All images courtesy of author
This Paradise of Fugitive Dust
When my wife, Brandy, became pregnant last year, I began writing a poem titled “understory.” In ecological terms, “understory” refers to plant life (shrubs, saplings, fungi, and seedlings) growing beneath the canopy of the forest.
I imagined a human understory as we read books, websites, and apps related to pregnancy and fetal development. Everything Brandy ate, breathed, heard, smelled, thought, felt, feared, and dreamed affected the embryo. In a sense, her womb housed an understory. They say amniotic fluid is ninety percent water.
We ourselves dwell within an understory. We are surrounded by dominant colonial narratives and structures, such as global capitalism, colonial nationalism, militarism, industrial food systems, media conglomerates, educational institutions, urbanism, and Western health care.
Brandy and I toured several hospitals during her pregnancy. Even though birthing centers are becoming more common, they still felt very cold and plastic. Doctor appointments often involved unnecessary tests, coercive prescriptions, and pressure to schedule a c-section.
Throughout the Pacific, indigenous healing, medicinal, and birthing customs were displaced and replaced by colonial health care practices. The establishment of hospitals was often seen (and funded) as charitable acts to civilize, sterilize, quarantine, and purify us—the diseased and dirty islanders.
A new story unfolded for us when we learned about a pregnancy class based on Hawaiian cultural values and customs, offered at a comprehensive health services provider, Kokua Kalihi Valley. The class was called Ka Lāhui o ka Pō, and included lessons, a free dinner with local ingredients, and a talk story circle. This class empowered us to explore the meaning of “birthing sovereignty.”
After 22 hours of labor, Brandy birthed our daughter, Kaikainaliʻi, on our bed, in our apartment, with the guiding hands of our doula, Grace, and our midwife, Selena. April, 2014. The hottest April in recorded history.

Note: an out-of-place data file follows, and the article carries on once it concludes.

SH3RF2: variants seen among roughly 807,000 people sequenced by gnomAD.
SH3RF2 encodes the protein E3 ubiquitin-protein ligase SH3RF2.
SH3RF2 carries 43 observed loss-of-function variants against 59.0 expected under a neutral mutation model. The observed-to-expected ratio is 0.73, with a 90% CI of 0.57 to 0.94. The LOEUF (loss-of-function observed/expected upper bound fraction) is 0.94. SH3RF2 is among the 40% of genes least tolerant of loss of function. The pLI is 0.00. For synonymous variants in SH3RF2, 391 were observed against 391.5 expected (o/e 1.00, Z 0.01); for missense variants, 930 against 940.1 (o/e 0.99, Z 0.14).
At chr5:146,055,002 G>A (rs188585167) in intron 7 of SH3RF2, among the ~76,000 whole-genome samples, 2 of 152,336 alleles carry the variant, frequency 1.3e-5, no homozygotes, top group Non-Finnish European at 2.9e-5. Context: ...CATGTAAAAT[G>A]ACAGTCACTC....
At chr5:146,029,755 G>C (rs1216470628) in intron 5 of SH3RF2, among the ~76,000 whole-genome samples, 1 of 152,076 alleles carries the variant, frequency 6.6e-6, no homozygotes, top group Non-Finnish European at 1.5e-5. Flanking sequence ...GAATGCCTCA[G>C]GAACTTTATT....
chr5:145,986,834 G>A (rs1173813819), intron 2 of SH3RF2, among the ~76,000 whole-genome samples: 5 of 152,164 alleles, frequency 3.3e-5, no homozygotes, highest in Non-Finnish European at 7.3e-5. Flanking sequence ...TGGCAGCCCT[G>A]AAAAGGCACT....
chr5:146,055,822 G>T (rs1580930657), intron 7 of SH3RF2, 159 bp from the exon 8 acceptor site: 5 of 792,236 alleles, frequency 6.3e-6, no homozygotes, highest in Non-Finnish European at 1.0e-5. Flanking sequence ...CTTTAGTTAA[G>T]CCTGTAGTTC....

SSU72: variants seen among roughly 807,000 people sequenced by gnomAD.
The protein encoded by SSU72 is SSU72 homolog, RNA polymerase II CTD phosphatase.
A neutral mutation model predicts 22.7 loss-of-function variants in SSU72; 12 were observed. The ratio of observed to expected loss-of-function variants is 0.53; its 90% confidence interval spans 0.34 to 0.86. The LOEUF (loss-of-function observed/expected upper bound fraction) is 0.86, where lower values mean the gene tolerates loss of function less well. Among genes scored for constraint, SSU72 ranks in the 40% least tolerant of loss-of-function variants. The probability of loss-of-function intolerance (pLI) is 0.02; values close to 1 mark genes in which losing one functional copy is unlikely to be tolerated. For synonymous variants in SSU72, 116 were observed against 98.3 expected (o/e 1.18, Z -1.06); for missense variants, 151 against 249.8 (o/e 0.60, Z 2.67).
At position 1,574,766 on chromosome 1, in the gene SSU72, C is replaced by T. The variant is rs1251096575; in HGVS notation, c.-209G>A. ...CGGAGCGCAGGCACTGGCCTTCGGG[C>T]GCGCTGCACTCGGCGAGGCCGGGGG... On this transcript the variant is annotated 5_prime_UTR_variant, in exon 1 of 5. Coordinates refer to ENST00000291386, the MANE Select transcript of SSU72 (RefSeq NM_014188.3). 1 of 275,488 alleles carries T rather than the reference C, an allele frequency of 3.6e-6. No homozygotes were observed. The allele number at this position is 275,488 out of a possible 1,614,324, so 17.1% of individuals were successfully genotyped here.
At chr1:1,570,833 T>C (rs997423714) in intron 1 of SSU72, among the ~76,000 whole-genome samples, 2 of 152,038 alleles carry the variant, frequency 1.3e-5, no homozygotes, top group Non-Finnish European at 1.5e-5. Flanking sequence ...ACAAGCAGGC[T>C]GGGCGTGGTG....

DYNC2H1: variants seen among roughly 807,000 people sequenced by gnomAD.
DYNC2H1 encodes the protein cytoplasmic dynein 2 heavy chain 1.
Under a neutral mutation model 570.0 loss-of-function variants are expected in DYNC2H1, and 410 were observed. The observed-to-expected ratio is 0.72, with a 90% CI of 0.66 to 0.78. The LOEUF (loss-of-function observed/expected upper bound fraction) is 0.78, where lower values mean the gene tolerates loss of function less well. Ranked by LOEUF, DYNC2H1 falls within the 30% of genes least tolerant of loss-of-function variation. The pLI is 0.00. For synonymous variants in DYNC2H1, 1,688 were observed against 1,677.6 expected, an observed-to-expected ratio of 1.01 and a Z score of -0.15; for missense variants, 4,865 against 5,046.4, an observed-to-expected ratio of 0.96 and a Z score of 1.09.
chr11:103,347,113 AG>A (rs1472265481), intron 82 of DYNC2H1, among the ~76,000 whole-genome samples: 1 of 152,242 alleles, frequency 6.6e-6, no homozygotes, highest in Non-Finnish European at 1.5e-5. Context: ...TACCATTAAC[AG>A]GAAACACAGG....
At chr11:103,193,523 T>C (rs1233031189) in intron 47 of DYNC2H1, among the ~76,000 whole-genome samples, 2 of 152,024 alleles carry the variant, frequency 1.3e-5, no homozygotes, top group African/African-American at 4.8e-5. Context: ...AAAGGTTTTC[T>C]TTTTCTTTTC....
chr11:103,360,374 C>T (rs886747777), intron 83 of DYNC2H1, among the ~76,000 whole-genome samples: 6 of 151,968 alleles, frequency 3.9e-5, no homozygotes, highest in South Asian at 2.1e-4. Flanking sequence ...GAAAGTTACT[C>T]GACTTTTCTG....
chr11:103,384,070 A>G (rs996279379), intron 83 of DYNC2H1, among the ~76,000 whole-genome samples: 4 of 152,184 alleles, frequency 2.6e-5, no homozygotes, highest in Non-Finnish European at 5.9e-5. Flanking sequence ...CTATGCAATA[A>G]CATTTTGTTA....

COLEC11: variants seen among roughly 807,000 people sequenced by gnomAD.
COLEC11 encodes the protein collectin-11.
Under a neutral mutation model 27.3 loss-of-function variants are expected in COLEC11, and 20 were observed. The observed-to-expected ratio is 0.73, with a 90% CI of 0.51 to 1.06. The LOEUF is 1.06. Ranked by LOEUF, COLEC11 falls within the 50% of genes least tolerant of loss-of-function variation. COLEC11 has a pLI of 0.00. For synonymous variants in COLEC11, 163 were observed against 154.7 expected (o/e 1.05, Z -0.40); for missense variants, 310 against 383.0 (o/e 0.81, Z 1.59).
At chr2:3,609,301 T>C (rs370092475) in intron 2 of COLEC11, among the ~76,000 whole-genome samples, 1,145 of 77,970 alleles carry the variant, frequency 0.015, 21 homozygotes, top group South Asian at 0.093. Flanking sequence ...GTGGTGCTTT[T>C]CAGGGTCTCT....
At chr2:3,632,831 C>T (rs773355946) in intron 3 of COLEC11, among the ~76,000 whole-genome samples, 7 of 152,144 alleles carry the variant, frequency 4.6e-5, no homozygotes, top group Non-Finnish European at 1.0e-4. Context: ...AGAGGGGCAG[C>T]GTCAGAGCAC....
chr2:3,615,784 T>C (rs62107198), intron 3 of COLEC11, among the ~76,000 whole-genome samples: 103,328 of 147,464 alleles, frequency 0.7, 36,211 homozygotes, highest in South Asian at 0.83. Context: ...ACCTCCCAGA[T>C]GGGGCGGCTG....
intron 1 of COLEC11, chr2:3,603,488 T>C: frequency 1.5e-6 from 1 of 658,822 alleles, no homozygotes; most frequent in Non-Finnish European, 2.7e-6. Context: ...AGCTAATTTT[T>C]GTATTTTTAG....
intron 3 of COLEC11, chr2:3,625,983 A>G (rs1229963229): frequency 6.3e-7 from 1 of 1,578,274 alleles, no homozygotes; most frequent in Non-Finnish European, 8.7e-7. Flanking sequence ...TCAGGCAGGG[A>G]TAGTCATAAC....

I continued writing “understory,” week-by-week, as Kaikainaliʻi grew. We take her on stroller rides around our Mānoa neighborhood, to the park and community garden. The poem asks: When do they spray herbicides and pesticides on the sidewalks and grass? We hand feed her first solid foods. The poem asks: Are these foods genetically modified? Treated with chemicals?
Summer 2014 was the warmest in recorded history. My mom, who lives in California, calls to Facetime with Kaikainaliʻi, her only grandchild. She tells us about the historic drought, tips to ration water.
A strong fever gripped Kaikainaliʻi during that summer. We constantly take her temperature, apply cold compresses, worry. We felt so relieved when her fever broke, her small body drenched in sweat.
Outbreak of enterovirus D68 in New York, outbreak of chikungunya in the Caribbean and Tokelau, outbreak of dengue fever in China and Japan, outbreak of MERS in South Korea, outbreak of West Nile virus in Texas and California, outbreak of ebola in Liberia, Sierra Leone, Guinea, outbreak of measles at Disneyland.
When we take Kaikainaliʻi to the pediatrician, the nurse recites the names of the vaccines, shows us the expiration dates. Kaikainaliʻi cries as the needles pierce her thighs. They say our skin is forty percent water.
As the planet warms, our bodies host fever chains of transmission. Food-borne, insect-borne, water-borne, air-borne. Kaikainaliʻi was born into this fourth era of disease.
Kaikainaliʻi cries from teething. We wipe away her tears. How many children have been killed, maimed, and traumatized during the bombing and siege of Gaza? The poem asks: How do parents wipe away tear gas? Disarm occupying armies? #freepalestine